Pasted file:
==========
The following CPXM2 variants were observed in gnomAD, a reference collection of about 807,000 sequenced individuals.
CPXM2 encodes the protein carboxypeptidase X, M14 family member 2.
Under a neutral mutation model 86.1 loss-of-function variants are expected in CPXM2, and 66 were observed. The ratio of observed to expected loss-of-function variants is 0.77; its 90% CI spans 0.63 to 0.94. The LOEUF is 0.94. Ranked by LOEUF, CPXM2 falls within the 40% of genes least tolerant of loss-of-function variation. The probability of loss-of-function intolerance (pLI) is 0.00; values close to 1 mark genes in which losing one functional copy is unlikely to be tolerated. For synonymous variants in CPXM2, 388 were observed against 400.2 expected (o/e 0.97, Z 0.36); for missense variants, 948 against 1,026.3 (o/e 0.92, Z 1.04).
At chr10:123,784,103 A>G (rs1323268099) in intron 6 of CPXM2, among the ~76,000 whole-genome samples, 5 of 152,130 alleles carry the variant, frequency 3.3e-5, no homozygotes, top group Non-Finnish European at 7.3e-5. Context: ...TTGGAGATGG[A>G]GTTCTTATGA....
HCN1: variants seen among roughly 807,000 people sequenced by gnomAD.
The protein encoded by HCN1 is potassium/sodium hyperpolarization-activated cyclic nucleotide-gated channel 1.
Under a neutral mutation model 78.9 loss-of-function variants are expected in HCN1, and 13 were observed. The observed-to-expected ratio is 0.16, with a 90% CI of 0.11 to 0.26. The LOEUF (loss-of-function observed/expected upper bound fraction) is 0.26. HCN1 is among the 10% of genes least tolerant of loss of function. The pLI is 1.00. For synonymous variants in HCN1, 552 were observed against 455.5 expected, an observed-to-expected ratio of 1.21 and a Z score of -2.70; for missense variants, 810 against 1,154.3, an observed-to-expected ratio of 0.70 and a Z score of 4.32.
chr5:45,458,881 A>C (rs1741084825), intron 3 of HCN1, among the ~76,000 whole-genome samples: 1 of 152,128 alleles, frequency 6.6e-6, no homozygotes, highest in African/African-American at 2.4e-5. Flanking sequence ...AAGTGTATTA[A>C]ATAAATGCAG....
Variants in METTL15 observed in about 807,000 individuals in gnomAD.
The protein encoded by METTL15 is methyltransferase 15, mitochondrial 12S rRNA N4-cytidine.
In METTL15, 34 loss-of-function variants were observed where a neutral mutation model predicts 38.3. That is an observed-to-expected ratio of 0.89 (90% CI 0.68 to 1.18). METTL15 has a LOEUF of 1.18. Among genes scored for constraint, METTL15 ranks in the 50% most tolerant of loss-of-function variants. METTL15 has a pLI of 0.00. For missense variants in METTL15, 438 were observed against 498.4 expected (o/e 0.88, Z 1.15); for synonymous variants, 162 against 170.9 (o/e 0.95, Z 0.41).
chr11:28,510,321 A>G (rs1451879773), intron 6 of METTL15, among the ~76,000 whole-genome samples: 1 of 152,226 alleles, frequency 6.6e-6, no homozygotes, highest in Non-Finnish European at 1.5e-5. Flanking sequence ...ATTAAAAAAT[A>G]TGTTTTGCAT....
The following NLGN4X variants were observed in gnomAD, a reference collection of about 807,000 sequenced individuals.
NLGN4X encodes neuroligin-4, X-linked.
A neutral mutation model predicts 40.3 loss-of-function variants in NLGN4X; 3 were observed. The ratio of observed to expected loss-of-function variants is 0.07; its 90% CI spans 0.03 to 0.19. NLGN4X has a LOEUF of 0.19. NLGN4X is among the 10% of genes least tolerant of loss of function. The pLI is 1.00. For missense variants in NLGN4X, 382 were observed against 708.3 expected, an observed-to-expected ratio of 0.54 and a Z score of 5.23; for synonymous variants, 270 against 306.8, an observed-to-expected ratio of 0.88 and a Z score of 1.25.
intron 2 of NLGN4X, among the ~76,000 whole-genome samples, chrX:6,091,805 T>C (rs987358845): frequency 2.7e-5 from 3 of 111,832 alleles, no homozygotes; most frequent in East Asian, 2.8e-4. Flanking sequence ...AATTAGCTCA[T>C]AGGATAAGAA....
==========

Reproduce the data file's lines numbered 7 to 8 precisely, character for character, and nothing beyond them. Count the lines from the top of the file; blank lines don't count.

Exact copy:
Under a neutral mutation model 78.9 loss-of-function variants are expected in HCN1, and 13 were observed. The observed-to-expected ratio is 0.16, with a 90% CI of 0.11 to 0.26. The LOEUF (loss-of-function observed/expected upper bound fraction) is 0.26. HCN1 is among the 10% of genes least tolerant of loss of function. The pLI is 1.00. For synonymous variants in HCN1, 552 were observed against 455.5 expected, an observed-to-expected ratio of 1.21 and a Z score of -2.70; for missense variants, 810 against 1,154.3, an observed-to-expected ratio of 0.70 and a Z score of 4.32.
chr5:45,458,881 A>C (rs1741084825), intron 3 of HCN1, among the ~76,000 whole-genome samples: 1 of 152,128 alleles, frequency 6.6e-6, no homozygotes, highest in African/African-American at 2.4e-5. Flanking sequence ...AAGTGTATTA[A>C]ATAAATGCAG....